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The functional role of CXC chemokine ligand 10 in coxackievirus B3-induced myocarditis Yuan, Ji

Abstract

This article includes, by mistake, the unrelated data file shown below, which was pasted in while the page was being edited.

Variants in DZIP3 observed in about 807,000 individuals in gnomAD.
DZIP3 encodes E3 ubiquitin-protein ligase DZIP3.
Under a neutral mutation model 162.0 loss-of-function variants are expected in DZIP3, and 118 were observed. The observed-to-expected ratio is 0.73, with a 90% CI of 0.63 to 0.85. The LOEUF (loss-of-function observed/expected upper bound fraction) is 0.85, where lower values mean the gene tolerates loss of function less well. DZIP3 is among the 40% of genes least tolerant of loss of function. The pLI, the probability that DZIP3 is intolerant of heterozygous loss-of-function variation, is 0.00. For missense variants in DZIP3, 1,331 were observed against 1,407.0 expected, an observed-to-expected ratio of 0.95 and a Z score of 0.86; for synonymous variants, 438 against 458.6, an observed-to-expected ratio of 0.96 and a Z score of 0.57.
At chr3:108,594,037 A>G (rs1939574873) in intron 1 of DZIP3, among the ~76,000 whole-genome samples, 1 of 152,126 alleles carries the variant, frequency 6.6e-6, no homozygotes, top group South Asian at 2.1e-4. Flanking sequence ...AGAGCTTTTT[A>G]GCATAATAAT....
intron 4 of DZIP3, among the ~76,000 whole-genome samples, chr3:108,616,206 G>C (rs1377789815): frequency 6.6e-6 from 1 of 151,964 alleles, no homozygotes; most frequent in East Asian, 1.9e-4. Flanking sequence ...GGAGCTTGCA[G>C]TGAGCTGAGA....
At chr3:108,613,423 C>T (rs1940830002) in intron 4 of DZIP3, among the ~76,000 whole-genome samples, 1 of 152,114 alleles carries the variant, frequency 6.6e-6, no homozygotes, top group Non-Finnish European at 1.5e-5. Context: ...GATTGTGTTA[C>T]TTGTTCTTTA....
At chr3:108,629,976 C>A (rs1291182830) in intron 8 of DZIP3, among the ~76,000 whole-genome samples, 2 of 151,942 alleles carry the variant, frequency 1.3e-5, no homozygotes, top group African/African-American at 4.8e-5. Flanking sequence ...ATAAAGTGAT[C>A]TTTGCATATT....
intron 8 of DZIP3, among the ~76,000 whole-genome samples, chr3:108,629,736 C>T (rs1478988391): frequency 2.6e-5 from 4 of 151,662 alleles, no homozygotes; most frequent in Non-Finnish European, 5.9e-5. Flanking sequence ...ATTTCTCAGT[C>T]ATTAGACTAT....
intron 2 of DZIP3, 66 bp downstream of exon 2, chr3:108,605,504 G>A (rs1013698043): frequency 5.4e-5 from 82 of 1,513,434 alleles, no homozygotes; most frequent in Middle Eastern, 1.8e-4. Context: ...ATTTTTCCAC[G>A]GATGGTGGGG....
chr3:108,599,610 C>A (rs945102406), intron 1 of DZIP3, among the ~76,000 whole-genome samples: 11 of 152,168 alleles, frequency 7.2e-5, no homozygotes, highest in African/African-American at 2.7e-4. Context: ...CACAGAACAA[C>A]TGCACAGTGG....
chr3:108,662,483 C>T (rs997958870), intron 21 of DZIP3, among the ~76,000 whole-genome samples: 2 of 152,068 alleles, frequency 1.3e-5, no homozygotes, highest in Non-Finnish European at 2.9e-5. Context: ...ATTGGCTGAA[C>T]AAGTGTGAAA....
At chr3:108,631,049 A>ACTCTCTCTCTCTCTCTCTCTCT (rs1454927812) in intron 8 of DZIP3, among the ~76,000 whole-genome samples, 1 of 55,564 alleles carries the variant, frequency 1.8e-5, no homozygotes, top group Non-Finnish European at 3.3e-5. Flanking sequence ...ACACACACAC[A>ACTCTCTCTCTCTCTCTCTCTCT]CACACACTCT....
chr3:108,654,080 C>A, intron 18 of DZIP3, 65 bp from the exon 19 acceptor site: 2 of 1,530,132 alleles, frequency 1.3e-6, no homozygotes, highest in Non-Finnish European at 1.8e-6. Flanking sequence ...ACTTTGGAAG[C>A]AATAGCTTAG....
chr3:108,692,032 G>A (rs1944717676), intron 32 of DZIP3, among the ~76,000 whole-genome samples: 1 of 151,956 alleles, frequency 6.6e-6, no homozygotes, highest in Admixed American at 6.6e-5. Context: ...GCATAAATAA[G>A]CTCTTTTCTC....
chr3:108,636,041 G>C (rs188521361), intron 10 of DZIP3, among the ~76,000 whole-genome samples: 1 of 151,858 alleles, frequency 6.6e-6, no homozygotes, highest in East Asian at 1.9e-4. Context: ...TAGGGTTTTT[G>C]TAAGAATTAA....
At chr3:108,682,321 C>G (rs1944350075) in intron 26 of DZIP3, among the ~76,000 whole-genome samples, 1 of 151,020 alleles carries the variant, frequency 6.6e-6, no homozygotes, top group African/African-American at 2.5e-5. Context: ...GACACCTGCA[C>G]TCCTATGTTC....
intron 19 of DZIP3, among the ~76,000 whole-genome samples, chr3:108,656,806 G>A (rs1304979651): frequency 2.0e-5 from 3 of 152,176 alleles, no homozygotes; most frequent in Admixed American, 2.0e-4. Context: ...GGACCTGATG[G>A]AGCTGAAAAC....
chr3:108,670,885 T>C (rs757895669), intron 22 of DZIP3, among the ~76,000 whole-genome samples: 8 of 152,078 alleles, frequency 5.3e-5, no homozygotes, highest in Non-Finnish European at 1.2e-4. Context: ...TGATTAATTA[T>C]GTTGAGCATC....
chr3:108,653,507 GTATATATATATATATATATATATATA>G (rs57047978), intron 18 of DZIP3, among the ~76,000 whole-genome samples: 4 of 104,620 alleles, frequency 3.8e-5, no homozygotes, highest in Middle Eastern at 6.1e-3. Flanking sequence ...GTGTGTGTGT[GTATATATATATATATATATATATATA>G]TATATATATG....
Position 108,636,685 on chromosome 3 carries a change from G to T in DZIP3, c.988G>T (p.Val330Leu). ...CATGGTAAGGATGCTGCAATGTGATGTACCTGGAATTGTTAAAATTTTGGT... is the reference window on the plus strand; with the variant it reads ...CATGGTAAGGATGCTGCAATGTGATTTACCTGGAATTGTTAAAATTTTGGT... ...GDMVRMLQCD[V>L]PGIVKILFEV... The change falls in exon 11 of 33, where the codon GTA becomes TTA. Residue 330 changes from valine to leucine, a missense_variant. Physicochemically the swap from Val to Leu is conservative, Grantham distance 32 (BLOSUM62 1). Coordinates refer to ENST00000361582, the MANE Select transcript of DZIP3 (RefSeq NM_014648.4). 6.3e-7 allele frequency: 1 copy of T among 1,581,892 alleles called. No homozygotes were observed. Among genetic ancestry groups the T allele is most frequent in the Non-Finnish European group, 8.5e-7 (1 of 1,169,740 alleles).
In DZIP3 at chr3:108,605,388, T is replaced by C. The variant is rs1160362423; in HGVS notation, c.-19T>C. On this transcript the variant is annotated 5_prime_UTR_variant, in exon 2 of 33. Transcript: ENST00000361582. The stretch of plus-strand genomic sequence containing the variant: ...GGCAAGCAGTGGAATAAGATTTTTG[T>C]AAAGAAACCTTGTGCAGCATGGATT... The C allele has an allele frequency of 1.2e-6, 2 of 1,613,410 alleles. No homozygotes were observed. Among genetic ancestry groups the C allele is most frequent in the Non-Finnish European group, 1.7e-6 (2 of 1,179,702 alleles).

Coxsackievirus B3 (CVB3) is the primary cause of viral myocarditis. The role of cystein-x-cystein (CXC) chemokine ligand 10 (CXCL10, formerly interferon-y-inducible protein 10) in CVB3-induced myocarditis is unknown. To explore the contribution of CXCL10 to CVB3-induced myocarditis, we performed functional analyses using newly generated transgenic mice with cardiac-specific CXCL10 overexpression (Tg) and CXCL10 knock out (KO) mice. The mRNA levels of CXCL10 peaked in the myocardium at day 3 post-infection prior to immune infiltration, suggesting that mainly resident cells of the heart are the sources of CXCL10. Indeed, we showed that CXCL10 can be induced by IFN-y but not by CVB3 infection in cultured cardiomyocytes. Further, a transgenic mouse model with cardiac-specific overexpression of CXCL10 was generated. CXCL10 Tg mice had spontaneous infiltrations of mononuclear cells with limited mRNA upregulation of IFN-y and IL-10, which were not sufficient to cause the impairment of cardiomyocyte or cardiac function. Following CVB3 infection, the viral titre in the mouse hearts inversely correlated with the levels of CXCL10 at day 3 post-infection. Further, the decreased virus titers in the CXCL10 Tg mouse hearts led to reduced cardiac damage indicated by low serum cTnI levels and improved cardiac functional performance and vice versa in the KO mice. This antiviral ability of CXCL10 may be through increased recruitment of natural killer (NK) cells to the heart and increased IFN-y expression early post-infection. At days 7 and day 10 post-infection with massive influx of mononuclear cells, the expression of CXCL10 enhanced the infiltration of CXCR3+ cells, CD4+, and CD8+ T cells as well as their associated inflammatory cytokines. However, the augmented accumulation of these immune cells and associated cytokines did not alter the viral clearance and mouse survival. Our data demonstrate for the first time that CXCL1 0 confers the protection to the heart during the early course of CVB3 infection, which may be primarily attributed to NK cell recruitment to the site of infection. This data suggest that CXCL10 is an important player in the orchestrated action of a group of cytokines and chemokines in combating against the CVB3-induced myocarditis in the early phase of infection.

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